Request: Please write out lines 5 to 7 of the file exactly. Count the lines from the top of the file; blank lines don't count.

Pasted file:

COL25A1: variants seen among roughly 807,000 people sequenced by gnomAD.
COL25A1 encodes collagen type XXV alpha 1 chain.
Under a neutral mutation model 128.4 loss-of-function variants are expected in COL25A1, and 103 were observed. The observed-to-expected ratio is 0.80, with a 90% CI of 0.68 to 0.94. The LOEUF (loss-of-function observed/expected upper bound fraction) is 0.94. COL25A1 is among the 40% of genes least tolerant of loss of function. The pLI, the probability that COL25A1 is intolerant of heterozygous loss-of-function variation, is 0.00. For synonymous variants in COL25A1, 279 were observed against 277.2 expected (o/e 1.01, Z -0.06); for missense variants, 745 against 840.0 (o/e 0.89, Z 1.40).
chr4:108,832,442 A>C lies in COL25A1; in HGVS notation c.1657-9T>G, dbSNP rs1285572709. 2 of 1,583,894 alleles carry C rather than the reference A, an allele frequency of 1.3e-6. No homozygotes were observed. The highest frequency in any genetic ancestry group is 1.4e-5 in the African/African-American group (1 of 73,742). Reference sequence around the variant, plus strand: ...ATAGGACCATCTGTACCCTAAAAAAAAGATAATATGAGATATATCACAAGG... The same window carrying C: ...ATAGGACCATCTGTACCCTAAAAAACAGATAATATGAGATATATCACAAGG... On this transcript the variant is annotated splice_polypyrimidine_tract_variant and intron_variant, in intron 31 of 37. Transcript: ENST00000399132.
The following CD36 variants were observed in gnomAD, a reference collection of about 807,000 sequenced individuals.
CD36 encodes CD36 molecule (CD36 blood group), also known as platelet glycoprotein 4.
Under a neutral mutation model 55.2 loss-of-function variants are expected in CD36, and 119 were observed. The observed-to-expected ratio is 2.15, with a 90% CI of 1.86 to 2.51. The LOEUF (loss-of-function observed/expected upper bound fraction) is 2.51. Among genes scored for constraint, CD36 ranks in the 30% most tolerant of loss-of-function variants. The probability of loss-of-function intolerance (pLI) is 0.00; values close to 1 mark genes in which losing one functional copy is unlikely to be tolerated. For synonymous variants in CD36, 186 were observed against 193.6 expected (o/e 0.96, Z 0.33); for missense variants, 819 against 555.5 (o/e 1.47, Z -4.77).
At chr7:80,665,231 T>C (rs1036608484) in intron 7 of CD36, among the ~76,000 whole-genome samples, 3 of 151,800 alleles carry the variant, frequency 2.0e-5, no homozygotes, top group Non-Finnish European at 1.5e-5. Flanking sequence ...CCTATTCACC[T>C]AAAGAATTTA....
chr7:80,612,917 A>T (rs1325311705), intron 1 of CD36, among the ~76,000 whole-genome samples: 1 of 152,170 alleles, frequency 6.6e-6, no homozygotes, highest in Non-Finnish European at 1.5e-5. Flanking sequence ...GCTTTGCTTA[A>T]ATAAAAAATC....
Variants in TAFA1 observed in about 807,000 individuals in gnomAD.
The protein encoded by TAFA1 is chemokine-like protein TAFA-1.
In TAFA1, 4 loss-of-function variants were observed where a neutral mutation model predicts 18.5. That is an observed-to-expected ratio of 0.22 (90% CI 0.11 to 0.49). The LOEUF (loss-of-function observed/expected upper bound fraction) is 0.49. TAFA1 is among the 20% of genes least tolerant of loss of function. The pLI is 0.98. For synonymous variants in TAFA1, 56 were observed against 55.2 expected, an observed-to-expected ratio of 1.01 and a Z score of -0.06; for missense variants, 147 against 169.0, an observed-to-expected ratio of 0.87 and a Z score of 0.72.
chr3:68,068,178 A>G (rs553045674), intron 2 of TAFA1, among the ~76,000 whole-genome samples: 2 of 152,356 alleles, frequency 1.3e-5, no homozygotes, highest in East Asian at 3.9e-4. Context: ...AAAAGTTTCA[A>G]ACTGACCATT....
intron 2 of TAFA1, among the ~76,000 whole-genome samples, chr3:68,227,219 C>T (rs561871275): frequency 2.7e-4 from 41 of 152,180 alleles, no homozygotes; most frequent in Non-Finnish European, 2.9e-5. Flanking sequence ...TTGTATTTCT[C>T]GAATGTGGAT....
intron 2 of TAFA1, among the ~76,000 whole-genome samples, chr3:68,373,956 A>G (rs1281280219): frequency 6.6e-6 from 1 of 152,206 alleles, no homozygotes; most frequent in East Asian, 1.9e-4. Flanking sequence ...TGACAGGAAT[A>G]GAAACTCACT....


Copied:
The following CD36 variants were observed in gnomAD, a reference collection of about 807,000 sequenced individuals.
CD36 encodes CD36 molecule (CD36 blood group), also known as platelet glycoprotein 4.
Under a neutral mutation model 55.2 loss-of-function variants are expected in CD36, and 119 were observed. The observed-to-expected ratio is 2.15, with a 90% CI of 1.86 to 2.51. The LOEUF (loss-of-function observed/expected upper bound fraction) is 2.51. Among genes scored for constraint, CD36 ranks in the 30% most tolerant of loss-of-function variants. The probability of loss-of-function intolerance (pLI) is 0.00; values close to 1 mark genes in which losing one functional copy is unlikely to be tolerated. For synonymous variants in CD36, 186 were observed against 193.6 expected (o/e 0.96, Z 0.33); for missense variants, 819 against 555.5 (o/e 1.47, Z -4.77).